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UK Coaching Team
6
Self-care and development

Addressing Dysfunction in an Interdisciplinary Team

In the ninth in a series, Strength and Conditioning Coach Jason Tee offers his experiences and thoughts on influencing change from inside the team

In the book ‘Switch: How to change when change is hard’, Chip and Dan Heath state that if you want to influence change, it is much easier if you are in a position of power. If a CEO wants to influence change, they simply change the rules, or hire or fire someone. However, in most cases where change is required, the people who want to influence that change do not hold the power. In these situations, other strategies are needed to change the environment.

In this guide, Jason shares his thoughts for influencing positive change in interdisciplinary teams that are not functioning effectively.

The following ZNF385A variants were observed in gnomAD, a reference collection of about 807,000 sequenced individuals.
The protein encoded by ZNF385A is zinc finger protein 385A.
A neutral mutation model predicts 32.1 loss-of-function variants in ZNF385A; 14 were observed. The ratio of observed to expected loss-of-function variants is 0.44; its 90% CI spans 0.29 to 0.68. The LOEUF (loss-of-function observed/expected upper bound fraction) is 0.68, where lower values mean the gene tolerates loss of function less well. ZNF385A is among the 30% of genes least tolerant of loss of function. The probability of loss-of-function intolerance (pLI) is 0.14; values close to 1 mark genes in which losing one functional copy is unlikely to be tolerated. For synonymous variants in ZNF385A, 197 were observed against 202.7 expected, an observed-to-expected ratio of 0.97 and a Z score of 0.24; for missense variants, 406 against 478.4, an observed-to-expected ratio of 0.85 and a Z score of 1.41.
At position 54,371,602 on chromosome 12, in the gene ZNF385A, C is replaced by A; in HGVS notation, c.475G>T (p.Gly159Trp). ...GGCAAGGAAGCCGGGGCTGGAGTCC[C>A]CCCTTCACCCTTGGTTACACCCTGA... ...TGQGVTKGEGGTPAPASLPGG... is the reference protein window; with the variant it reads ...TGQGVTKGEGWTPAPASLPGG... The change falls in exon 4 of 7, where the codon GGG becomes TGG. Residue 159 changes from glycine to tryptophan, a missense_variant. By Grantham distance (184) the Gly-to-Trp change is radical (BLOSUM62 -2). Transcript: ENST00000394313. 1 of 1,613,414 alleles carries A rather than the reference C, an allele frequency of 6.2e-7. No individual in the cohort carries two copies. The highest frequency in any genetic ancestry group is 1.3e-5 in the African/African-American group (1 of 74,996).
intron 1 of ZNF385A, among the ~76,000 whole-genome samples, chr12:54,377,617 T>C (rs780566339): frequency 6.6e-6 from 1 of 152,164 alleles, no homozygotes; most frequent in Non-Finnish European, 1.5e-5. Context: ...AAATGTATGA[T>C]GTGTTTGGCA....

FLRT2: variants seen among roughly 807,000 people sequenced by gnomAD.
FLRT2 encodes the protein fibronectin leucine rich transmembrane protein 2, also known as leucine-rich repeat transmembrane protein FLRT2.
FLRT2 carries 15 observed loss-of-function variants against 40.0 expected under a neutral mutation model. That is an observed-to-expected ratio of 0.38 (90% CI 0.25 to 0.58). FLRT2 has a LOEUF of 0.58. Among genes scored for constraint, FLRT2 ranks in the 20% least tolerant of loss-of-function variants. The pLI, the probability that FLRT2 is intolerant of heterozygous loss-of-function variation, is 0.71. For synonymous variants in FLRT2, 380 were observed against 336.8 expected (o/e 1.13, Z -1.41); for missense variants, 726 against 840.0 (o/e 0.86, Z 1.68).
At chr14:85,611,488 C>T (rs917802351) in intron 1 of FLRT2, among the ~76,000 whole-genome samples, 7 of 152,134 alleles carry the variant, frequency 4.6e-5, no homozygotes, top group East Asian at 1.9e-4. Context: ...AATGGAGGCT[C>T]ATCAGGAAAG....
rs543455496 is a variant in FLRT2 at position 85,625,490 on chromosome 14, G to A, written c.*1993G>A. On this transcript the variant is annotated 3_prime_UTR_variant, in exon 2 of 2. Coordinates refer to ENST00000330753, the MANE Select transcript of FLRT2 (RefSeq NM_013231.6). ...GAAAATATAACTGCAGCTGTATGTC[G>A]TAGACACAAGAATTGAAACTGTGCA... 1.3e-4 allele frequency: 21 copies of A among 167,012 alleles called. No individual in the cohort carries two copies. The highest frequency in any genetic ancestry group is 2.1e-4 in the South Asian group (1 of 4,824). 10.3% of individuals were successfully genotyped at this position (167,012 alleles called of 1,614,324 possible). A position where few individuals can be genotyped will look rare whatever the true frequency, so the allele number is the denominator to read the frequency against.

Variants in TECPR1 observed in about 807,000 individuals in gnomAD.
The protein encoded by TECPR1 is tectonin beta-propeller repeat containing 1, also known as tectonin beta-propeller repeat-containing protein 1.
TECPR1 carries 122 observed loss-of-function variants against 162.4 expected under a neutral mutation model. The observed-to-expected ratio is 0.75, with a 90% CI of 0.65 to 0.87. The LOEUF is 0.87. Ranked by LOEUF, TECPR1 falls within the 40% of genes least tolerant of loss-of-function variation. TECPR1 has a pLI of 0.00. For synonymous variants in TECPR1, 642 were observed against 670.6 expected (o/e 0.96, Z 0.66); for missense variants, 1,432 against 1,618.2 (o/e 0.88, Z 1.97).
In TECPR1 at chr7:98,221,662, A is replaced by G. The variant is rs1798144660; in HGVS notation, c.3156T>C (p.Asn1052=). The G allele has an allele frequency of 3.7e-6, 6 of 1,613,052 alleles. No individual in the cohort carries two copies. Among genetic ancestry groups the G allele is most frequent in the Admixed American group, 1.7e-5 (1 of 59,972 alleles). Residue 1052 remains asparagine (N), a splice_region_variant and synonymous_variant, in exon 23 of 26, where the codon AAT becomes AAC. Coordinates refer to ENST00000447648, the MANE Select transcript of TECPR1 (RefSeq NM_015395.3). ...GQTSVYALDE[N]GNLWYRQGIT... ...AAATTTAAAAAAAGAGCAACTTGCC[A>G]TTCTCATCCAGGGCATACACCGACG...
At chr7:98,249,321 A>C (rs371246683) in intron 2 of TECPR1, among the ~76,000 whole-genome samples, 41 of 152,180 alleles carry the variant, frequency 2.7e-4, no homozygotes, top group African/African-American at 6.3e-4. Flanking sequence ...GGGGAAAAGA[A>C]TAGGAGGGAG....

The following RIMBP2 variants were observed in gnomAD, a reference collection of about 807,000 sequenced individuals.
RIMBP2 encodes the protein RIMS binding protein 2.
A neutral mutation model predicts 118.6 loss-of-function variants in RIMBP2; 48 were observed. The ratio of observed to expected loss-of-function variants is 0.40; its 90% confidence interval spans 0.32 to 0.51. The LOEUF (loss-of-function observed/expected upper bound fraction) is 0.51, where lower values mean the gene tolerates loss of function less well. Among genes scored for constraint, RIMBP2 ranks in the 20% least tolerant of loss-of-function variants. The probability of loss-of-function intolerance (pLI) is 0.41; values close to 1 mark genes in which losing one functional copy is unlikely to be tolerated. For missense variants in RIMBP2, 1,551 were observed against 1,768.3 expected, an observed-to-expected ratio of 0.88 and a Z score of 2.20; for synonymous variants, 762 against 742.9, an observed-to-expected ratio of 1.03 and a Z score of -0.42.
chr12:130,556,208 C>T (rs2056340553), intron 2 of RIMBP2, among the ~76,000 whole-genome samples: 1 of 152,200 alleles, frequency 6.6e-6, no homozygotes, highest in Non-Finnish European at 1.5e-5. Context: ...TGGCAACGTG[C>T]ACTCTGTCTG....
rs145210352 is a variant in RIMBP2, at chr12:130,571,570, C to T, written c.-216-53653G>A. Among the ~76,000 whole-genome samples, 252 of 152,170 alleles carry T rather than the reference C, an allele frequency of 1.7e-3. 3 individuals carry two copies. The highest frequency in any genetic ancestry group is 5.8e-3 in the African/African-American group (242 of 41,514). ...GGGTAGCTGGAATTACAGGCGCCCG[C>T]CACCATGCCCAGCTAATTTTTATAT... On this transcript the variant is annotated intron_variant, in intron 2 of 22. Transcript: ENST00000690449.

Seek and establish clarity: what looks like resistance is often lack of clarity

If a member of your interdisciplinary team is not providing you with what you require to support your role, consider, first, that perhaps they don’t clearly understand what you need.

The opposite also applies: if a member of the team has become frustrated with you, perhaps you aren’t providing them with what they need.

Often, in close, highly connected teams with many interactions, colleagues do not speak up about what they require, because they don’t want to ‘rock the boat’. This is an ineffective approach and often leads to further frustration.

Be clear to be kind. Make time to ask fellow members of your interdisciplinary team exactly what they require from you and make sure you have an agreed timeframe. Clarify with them what ‘done’ looks like. Encourage them to provide the same level of clarity for you too.

Be brave and have these conversations with the team leader. A great deal of interpersonal tension can be avoided when people are clear on what is expected of them.

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UK Coaching Team